Just as we used to effortlessly get Vitamin D from the environment (the Sun) as we did probiotics from food and soil, modern living has interrupted this normal pattern.
I’m a firm believer that kids should be getting their Vitamin D outside, in the sun, and preferably barefoot. This works great in the summer, but it is more difficult in the winter, or if you live in an area where you don’t have access to direct sun daily. We make a sincere effort to spend time outside gardening or playing each day in the summer to get both probiotics (from soil) and Vitamin D (from sun) but in the colder months, I am more careful to supplement if needed.
Most children’s vitamins contain Vitamin D but the issue of supplementing Vitamin D in children can be controversial. To make sure my kids don’t get too much or too little, we check their levels about once a year in the winter and supplement based on the results. I’d definitely recommend this, especially if you plan to give your children higher doses or supplement on a regular basis.
I always keep Vitamin C on hand, and we’ve avoided many trips to the doctor because of this and Homemade Elderberry Syrup. I add about 1/4 tsp of vitamin C powder to the kids water or smoothie once a day (it is bitter!) to keep their immune systems bolstered… mainly in the winter. During illness, we take Vitamin C powder more often until the illness passes.
Cod Liver Oil/Butter Oil
Cod Liver Oil is one of the toughest one to get kids to take, but the one I notice the most difference in their mood (much calmer) and concentration when they take it. It comes as a gel, and I typically add it to smoothies or spread on a banana nut coconut muffin to get them to take it (it tastes pretty awful by itself!) There are capsules of this, but my littler kids can’t swallow capsules, so we stick to the gel or liquid versions.
We also regularly consume high quality seafood and other health sources of fats to help absorption of all of these supplements.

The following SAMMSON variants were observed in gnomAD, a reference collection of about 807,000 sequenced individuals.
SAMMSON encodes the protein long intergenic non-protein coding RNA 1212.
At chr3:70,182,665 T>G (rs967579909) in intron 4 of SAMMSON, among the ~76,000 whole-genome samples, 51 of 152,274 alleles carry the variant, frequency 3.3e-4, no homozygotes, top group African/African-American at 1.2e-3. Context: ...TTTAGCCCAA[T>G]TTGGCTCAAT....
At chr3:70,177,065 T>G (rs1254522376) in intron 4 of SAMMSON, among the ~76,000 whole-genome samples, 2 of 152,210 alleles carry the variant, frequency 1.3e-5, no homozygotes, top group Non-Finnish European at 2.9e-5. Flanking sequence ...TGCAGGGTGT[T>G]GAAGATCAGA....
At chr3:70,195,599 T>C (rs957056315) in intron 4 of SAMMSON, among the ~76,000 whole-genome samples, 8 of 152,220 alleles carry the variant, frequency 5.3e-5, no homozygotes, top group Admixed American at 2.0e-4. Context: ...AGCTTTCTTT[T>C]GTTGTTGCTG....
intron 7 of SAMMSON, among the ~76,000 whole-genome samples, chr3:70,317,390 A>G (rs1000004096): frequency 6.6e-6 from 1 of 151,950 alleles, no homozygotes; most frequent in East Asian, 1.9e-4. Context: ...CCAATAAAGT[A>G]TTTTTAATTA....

Magnesium Spray + Baths
Magnesium has been a miracle mineral for me and it also helps my kids sleep well. Our favorite is this topical magnesium spray which can be sprayed on the whole body for absorption. It doesn’t burn or tingle like some brands do and I’ve also never had trouble with it drying out my skin like some types of magnesium do. I spray this on myself and my kids each night and it helped me avoid morning sickness with this pregnancy.
Another easy way to give kids a magnesium boost is to add about 1/2 cup of epsom salts or magnesium crystals to their bath water so they can absorb it through their skin.
Gelatin is excellent for intestinal health and for hair, skin and nails. We try to eat homemade bone broth regularly, but I also occasionally make the kids healthy jello and gummy vitamins to give them some extra gelatin intake. I drink it in smoothies or in warm water, and also sometimes sneak it into the kids smoothies. A kid-favorite treat at our house is homemade probiotic marshmallows with gelatin. I’ve been able to verify that this brand is from grass-fed, humanely raised cows and doesn’t contain any additives or pesticide residue.
We don’t routinely give our kids a multivitamin, but we have given them this brand before, especially during the winter or if there is a lingering illness just to give us all an extra boost.
Do your kids take supplements? Which ones do they take? Share below!